The other day I opened the road atlas to Louisiana in anticipation of our trek through it to Austin. I wanted to gauge whether or not we could make it to the Texas border in one day. Looks like we could if we push it, maybe making it to Beaumont, but it might have to be Lake Charles, Louisiana, which would be just fine. A little more time spent on the bayou would be good for the soul, and for Luna’s developing crush on CCR.
On the facing page of the Louisiana map is the map of Maine, and I was reminded joyously of our time there just by glimpsing the penciled circles around Moosehead Lake, Bar Harbor, Rockport, Camden and Freeport. We visited in late summer and we were there for a long time, until it was simply too cold to stay. Looking at the Maine map reminded me that we had fulfilled a desire to be on the coast, engaging with communities whose lifestyles are drastically different than the ones of our upbringing in the Midwest. We felt connected and we loved it.
During those many weeks of late summer and early fall, the temperatures were just right and the rain very little, so I was able to practice yoga outside almost daily under one of the campground’s great big trees. It was there that an intense desire to increase my practice of inversions, particularly handstands, grew.
One day, I decided to go for a free-form handstand — no walls, nothing to stabilize me, all me. Remembering my fearless inner child and ready to hoist my adult body feet first, up I went. I practiced a few times to stand on my hands as vertically as possible, gently propelling myself into the air with the push-off of one foot and momentum from the other in all of that obstacle-free space. It felt very freeing to have so much room to practice expanding upward: I didn’t have to worry about knocking down a painting or ramming my ankle or foot into gym equipment. So I just kept trying to get up and remain stable. After several attempts, up I went again. But as my feet reached above my body, my mind grew weak and I simultaneously thought to myself, You are going to fall, which I did, landing hard on a root with my left knee, so much so that I would not be surprised to see a bone spur pop out of my patella next year just to say “hello.”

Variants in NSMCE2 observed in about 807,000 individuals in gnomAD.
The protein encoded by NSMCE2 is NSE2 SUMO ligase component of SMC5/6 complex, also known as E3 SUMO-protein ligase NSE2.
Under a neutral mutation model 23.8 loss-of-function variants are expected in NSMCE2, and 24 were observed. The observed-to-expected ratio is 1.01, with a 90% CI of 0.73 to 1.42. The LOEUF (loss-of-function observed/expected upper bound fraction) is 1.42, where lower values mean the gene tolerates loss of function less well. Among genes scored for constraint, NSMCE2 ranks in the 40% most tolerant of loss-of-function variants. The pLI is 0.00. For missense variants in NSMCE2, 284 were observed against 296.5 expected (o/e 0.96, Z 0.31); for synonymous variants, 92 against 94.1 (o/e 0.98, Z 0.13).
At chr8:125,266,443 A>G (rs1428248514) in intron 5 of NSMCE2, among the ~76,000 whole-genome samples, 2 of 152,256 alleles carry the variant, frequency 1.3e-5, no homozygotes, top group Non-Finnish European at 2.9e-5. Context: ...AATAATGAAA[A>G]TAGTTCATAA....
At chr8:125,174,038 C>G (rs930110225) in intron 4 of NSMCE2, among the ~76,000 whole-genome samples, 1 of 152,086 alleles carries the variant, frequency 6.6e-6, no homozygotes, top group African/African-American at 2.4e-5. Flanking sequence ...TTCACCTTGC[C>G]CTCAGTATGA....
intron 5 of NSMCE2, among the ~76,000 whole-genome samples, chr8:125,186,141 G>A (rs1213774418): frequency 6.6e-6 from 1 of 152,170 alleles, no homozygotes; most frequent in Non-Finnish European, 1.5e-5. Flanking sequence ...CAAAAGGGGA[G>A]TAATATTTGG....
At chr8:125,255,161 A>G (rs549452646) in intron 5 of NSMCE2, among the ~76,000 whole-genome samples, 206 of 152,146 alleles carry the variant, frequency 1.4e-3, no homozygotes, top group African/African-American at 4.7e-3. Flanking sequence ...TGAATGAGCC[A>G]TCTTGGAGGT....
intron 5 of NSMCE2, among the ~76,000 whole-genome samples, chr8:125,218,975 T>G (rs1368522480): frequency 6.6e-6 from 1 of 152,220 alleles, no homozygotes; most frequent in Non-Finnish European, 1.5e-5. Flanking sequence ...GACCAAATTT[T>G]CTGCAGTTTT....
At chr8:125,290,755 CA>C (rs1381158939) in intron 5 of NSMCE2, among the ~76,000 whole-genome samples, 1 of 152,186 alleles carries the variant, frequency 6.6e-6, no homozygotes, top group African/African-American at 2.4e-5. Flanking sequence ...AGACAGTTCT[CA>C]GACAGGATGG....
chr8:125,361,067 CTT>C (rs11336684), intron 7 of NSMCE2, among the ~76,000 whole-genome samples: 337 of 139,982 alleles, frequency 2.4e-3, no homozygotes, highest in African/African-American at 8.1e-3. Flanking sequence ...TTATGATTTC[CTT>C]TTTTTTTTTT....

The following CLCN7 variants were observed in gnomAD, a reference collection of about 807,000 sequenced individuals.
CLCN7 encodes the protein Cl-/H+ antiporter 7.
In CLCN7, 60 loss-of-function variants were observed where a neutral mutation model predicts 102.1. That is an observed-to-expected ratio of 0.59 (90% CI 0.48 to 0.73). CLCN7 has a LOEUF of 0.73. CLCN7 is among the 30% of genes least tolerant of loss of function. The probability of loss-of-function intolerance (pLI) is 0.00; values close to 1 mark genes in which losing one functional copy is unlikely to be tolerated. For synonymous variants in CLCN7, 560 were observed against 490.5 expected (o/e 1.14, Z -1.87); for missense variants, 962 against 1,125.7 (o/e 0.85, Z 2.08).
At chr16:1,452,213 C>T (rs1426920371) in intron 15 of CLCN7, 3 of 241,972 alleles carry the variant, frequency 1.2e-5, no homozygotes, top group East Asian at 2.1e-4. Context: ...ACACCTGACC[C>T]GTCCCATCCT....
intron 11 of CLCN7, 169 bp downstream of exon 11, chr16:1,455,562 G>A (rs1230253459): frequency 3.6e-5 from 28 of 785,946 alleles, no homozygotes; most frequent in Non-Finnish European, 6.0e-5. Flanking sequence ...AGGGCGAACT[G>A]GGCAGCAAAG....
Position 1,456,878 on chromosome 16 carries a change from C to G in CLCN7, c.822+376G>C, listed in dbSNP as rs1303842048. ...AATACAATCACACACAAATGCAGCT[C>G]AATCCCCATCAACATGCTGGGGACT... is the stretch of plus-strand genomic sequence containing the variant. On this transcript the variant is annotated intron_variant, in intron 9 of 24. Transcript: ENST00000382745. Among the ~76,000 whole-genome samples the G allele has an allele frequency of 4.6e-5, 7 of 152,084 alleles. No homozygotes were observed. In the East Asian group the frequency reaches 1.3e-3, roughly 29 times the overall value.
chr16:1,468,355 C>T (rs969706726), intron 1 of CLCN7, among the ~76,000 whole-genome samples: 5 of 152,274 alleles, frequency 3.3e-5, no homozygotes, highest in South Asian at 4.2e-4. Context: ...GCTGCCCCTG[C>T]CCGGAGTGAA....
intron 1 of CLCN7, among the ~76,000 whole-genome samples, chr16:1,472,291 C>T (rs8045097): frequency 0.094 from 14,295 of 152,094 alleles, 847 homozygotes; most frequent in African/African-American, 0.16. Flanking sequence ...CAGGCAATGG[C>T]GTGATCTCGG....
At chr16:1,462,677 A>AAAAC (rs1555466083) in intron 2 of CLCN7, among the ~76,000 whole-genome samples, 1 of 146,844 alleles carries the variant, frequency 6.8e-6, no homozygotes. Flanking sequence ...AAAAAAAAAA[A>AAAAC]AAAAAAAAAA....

So, I was kind of mad at myself and felt pretty ridiculous, especially because I did it right in front of Scot, who was coding on the picnic table. Urrrgh. My knee hurt pretty badly for the next couple of days, swelling a little just to emphasize my clumsiness. And my apparent fear.
In yoga circles, tackling fear is often a main topic of discussion when it comes to inversions, especially headstands and handstands. Generally, I don’t fear much; I don’t give into it. When in doubt, I have a direct confrontation with my conundrum and massage it, reminding it to mind its manners. Meditation is my medicine. Headstands are not a problem for me, but I’m not sure what I was fearing while practicing handstands the day I fell ass-over-teakettle. It could be that I feared falling down, or I feared that I couldn’t stay up, or it could just be that I lacked sufficient practice and probably a little more expert training to do it properly. Clearly, I lacked patience. Maybe it meant that I needed to be more grounded. I’ve heard many times that handstands can take years to develop, even when one thinks she is already balanced. After that yard sale of a spill, I became more willing to take my time with handstands and continue to delve into any pesky, ambiguous, deeply-hidden fears.
Probably to my benefit, the weather turned in Maine and I ceased doing much of any yoga outside. My feet got cold, which became a distraction, as did the hindering layers required to work outside, especially footies. As we ventured to the Southeast, I hardly was able to practice yoga outdoors. In Virginia, our campsite was super small, leaving no room for my mat. In Charleston, it rained perpetually, eliminating any possibility of expanding upward, outward or over in nature, unless I planned on swamp yoga with a flotation device and galoshes. I had opportunities in Savannah, but there were bugs and it stayed pretty damp. We also made a lot of time for family hikes there, which are always a pleasant and ample alternatives to meditation and yoga. Kind of like group therapy.